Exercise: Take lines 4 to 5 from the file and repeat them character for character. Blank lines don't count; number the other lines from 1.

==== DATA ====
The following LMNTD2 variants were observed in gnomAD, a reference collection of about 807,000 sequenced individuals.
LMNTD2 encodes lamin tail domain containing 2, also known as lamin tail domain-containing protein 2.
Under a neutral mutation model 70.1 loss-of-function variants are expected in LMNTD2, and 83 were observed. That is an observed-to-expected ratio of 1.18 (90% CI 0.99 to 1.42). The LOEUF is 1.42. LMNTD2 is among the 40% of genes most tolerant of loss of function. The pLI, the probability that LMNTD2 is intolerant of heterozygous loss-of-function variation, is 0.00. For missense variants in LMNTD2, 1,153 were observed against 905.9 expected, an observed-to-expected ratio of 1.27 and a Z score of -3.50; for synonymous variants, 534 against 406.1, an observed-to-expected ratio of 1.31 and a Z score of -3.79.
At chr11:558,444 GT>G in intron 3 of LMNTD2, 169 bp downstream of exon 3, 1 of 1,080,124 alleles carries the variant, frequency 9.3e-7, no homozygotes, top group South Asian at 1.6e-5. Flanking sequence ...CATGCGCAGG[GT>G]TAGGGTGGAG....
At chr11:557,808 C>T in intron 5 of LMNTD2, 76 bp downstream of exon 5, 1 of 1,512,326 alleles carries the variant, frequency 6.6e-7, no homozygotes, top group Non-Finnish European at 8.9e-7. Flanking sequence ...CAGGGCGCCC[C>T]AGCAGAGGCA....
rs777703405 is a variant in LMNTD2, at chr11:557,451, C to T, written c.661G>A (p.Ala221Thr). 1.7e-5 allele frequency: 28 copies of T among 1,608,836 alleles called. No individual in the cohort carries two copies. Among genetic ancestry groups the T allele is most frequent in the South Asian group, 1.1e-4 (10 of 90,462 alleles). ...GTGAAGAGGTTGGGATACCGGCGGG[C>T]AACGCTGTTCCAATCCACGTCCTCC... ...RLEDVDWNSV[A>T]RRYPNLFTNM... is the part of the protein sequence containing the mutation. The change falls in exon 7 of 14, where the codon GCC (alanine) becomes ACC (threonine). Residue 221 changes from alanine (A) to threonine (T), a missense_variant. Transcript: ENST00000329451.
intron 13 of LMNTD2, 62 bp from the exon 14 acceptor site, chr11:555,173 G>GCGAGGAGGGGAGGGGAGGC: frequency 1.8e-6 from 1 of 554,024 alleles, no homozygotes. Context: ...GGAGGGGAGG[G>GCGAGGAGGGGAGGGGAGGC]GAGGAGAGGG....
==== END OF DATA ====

At chr11:558,444 GT>G in intron 3 of LMNTD2, 169 bp downstream of exon 3, 1 of 1,080,124 alleles carries the variant, frequency 9.3e-7, no homozygotes, top group South Asian at 1.6e-5. Flanking sequence ...CATGCGCAGG[GT>G]TAGGGTGGAG....
At chr11:557,808 C>T in intron 5 of LMNTD2, 76 bp downstream of exon 5, 1 of 1,512,326 alleles carries the variant, frequency 6.6e-7, no homozygotes, top group Non-Finnish European at 8.9e-7. Flanking sequence ...CAGGGCGCCC[C>T]AGCAGAGGCA....